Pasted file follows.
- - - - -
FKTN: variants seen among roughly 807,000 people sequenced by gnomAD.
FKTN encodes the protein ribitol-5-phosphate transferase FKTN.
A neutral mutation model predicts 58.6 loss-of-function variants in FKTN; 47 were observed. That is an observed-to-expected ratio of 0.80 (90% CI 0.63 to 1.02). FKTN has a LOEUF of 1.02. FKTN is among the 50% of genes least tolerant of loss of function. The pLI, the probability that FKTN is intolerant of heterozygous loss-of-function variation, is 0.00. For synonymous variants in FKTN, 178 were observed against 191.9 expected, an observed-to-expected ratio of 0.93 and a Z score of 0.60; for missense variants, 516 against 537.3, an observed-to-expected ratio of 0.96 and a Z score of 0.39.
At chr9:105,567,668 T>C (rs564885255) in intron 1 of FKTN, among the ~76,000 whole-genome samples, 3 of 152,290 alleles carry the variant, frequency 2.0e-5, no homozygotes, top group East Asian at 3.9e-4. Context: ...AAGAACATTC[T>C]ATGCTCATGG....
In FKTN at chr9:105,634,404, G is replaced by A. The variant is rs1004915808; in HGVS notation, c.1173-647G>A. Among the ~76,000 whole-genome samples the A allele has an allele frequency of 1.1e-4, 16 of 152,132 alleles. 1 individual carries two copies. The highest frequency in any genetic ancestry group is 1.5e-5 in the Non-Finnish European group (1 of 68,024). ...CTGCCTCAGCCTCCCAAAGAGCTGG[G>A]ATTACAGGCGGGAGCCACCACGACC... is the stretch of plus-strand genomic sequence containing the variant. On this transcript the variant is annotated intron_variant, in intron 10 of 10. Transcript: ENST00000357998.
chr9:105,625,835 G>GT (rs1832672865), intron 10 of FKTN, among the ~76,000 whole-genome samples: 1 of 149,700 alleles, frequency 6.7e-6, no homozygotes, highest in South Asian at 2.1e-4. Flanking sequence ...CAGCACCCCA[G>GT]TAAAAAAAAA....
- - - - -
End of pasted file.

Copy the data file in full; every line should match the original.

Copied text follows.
FKTN: variants seen among roughly 807,000 people sequenced by gnomAD.
FKTN encodes the protein ribitol-5-phosphate transferase FKTN.
A neutral mutation model predicts 58.6 loss-of-function variants in FKTN; 47 were observed. That is an observed-to-expected ratio of 0.80 (90% CI 0.63 to 1.02). FKTN has a LOEUF of 1.02. FKTN is among the 50% of genes least tolerant of loss of function. The pLI, the probability that FKTN is intolerant of heterozygous loss-of-function variation, is 0.00. For synonymous variants in FKTN, 178 were observed against 191.9 expected, an observed-to-expected ratio of 0.93 and a Z score of 0.60; for missense variants, 516 against 537.3, an observed-to-expected ratio of 0.96 and a Z score of 0.39.
At chr9:105,567,668 T>C (rs564885255) in intron 1 of FKTN, among the ~76,000 whole-genome samples, 3 of 152,290 alleles carry the variant, frequency 2.0e-5, no homozygotes, top group East Asian at 3.9e-4. Context: ...AAGAACATTC[T>C]ATGCTCATGG....
In FKTN at chr9:105,634,404, G is replaced by A. The variant is rs1004915808; in HGVS notation, c.1173-647G>A. Among the ~76,000 whole-genome samples the A allele has an allele frequency of 1.1e-4, 16 of 152,132 alleles. 1 individual carries two copies. The highest frequency in any genetic ancestry group is 1.5e-5 in the Non-Finnish European group (1 of 68,024). ...CTGCCTCAGCCTCCCAAAGAGCTGG[G>A]ATTACAGGCGGGAGCCACCACGACC... is the stretch of plus-strand genomic sequence containing the variant. On this transcript the variant is annotated intron_variant, in intron 10 of 10. Transcript: ENST00000357998.
chr9:105,625,835 G>GT (rs1832672865), intron 10 of FKTN, among the ~76,000 whole-genome samples: 1 of 149,700 alleles, frequency 6.7e-6, no homozygotes, highest in South Asian at 2.1e-4. Flanking sequence ...CAGCACCCCA[G>GT]TAAAAAAAAA....